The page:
So this is what rock bottom feels like.
I thought we’d hit it in 2010, then again in 2014. But 2016, you really outdid yourself.
It wasn’t for lack of trying that my party got its clock cleaned. From former Gov. Evan Bayh to congressional hopeful Shelli Yoder down in the 9th District, we put forth some strong candidates. And I’d be remiss if I didn’t congratulate the only winner this cycle, House Minority Leader Scott Pelath, who picked up a seat in his caucus.
We can make excuses and say it was the year. It was a wave. It was undetectable anger, a populist outcry that didn’t show up in the polls.
Or we could recognize it as an opportunity.
This is not the first time I’ve written that Indiana Democrats needed to reach this point to turn things around. I just didn’t think we would have to dip so low. Nor do I envy the two Joes—Hogsett and Donnelly—in whose hands the future of the party now largely rests.
That’s not in any way meant to discount other elected officials, including Pelath, Senator Minority Leader Tim Lanane, Reps. Andre Carson and Pete Visclosky and municipal leaders across the state. They will all play a valuable role in the conversation about where we go from here.
But when it comes to party infrastructure and leadership, the Indianapolis mayor and soon-to-be senior U.S. senator are critically important to our success in 2018 and beyond.
Since taking office, Hogsett has started to transform the Marion County Democratic Party in a very positive direction. He’s also nurturing a strong group of young leaders within city government.
Donnelly is now our only statewide officeholder. He’s a pragmatic problem solver, and I have faith that he’ll install a team that channels his leadership style—inclusive and open-minded—while taking Republicans to task when necessary.
Shortly after the election, I made the case in this publication that state parties as we once knew them are dead. They’re not the financial, messaging or operational powerhouses they once were now that we live in an era of super PACs and other outside influencers.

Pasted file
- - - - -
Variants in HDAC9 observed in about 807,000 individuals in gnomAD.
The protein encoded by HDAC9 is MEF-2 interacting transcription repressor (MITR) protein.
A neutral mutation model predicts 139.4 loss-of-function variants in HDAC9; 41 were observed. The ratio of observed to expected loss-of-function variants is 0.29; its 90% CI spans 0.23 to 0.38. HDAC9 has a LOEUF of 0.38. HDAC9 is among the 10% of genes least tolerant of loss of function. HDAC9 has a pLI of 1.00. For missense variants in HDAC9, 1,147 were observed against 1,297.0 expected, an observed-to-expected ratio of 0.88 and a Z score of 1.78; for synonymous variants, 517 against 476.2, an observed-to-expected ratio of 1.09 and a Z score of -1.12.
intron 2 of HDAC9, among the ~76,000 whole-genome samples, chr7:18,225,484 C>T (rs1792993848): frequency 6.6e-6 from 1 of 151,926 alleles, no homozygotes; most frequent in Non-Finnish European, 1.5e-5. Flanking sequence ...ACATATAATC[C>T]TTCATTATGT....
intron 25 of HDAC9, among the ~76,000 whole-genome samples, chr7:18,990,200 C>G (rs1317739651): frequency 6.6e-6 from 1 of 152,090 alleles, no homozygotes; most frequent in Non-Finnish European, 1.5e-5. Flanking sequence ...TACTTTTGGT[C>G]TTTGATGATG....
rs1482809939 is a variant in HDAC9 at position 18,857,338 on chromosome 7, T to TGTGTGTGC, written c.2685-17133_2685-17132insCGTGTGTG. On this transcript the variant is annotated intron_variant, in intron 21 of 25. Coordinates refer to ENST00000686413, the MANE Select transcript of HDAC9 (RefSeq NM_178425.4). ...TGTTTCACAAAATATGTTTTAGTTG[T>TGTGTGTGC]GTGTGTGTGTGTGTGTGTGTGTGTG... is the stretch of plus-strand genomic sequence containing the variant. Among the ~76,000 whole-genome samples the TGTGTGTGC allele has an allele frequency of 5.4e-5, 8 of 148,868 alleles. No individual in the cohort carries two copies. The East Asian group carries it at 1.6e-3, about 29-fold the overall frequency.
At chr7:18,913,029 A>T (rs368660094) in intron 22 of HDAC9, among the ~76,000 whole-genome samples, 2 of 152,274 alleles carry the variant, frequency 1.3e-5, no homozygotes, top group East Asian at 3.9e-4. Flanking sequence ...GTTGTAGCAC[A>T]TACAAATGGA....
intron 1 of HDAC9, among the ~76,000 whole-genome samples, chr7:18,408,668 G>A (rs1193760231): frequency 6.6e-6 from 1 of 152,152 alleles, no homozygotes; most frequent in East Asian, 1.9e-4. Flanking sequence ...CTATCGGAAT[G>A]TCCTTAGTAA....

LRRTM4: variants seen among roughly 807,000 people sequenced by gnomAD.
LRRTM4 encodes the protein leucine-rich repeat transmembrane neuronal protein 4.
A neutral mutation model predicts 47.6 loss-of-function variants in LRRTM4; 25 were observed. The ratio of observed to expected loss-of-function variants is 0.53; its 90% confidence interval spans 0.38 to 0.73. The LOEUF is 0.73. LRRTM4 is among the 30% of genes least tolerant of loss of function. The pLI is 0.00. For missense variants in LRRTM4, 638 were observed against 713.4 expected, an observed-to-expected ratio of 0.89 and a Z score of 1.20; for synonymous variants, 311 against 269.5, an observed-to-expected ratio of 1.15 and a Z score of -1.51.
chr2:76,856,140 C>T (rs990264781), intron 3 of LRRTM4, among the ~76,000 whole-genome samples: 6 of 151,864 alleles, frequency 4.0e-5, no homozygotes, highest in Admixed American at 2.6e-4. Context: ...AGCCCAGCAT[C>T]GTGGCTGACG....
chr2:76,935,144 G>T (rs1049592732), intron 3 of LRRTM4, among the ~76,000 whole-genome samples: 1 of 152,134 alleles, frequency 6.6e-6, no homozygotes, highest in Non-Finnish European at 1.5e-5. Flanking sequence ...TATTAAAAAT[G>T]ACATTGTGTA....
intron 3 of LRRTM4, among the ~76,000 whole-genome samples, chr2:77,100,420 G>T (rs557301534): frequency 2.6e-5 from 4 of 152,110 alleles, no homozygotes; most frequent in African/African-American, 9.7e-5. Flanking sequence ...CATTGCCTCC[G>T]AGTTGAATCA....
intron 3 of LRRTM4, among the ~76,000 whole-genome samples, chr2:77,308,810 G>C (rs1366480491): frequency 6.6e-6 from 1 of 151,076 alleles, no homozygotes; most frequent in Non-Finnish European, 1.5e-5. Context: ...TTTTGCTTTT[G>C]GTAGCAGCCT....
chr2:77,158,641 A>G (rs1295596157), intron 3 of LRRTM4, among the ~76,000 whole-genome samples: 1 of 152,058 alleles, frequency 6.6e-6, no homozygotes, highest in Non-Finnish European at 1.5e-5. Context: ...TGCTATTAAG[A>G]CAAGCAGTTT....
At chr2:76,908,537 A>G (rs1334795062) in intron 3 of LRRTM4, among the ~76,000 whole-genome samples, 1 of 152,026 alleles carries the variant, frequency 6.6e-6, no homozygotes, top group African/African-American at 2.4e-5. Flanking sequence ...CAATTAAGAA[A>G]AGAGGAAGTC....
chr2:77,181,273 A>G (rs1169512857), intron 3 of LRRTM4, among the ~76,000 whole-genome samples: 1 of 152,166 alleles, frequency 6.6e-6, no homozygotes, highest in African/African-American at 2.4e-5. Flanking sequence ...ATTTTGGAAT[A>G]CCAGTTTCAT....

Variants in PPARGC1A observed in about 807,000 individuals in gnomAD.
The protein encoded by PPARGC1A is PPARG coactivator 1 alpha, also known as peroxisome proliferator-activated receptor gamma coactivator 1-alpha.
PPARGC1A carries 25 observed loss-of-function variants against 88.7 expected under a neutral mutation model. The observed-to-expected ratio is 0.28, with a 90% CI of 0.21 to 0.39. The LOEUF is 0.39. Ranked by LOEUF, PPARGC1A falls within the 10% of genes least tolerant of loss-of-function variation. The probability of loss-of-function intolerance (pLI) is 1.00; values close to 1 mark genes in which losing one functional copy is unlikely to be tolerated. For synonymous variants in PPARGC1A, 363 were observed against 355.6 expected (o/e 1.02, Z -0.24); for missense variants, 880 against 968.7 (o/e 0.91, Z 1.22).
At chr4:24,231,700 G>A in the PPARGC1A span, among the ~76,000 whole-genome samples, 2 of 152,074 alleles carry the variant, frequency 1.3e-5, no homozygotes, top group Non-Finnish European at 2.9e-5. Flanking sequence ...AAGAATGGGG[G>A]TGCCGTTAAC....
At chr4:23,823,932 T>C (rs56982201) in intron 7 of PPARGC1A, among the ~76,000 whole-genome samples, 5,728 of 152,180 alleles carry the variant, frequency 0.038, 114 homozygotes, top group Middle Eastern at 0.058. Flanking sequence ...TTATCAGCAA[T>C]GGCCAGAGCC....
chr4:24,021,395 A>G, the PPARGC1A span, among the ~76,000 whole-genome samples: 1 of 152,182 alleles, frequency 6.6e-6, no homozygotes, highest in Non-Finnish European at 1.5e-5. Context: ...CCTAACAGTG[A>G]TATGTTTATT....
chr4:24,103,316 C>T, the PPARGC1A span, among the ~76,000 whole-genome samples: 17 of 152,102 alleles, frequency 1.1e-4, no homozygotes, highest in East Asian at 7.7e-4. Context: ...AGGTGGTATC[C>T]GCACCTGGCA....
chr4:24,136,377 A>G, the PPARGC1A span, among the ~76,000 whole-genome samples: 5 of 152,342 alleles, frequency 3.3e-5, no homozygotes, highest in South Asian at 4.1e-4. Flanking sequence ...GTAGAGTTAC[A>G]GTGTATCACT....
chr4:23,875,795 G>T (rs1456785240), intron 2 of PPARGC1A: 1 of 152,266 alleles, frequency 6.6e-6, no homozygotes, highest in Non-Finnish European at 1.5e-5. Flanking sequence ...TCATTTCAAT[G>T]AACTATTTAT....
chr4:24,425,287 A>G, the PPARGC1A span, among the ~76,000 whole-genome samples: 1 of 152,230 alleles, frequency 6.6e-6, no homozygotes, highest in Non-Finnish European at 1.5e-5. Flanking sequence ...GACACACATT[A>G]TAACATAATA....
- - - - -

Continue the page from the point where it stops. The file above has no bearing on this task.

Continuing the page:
That doesn’t mean the Democratic Party itself is dead. Far from it. From the ashes we surely can rise. The question is when and how.
It won’t be easy, and we won’t be able to accomplish the necessary post-mortem if we write 2016 off as a fluke.
Why did we fall flat on our faces this year?
Maybe we lost touch with rural America, as Agriculture Secretary Tom Vilsack has suggested. Perhaps young progressives stayed home after Bernie Sanders lost the primary. Women, even those with college degrees, certainly proved they don’t vote for a candidate based on gender alone.
I don’t have all the answers, but I do know we can’t keep doing things the same way and expect different results.
As we close out 2016, I’m pledging to make 2017 a year of “yes.”
Let’s hear out every new idea. Let’s have the conversation about our future at cocktail parties and dive bars, Democratic club meetings and Little League practices.
Now’s our chance to put it all on the table and really think through what we want to be, to seed the next generation of leaders and train up candidates who are strong, competent messengers of our core values.
Where others despair, I have an odd sense of hope that this is the new beginning we’ve needed for a long, long time.•
Wagner is a lifelong Indianapolis resident and founding principal of Mass Ave Public Relations, a local public relations and publicity firm. Send comments on this column to email@example.com.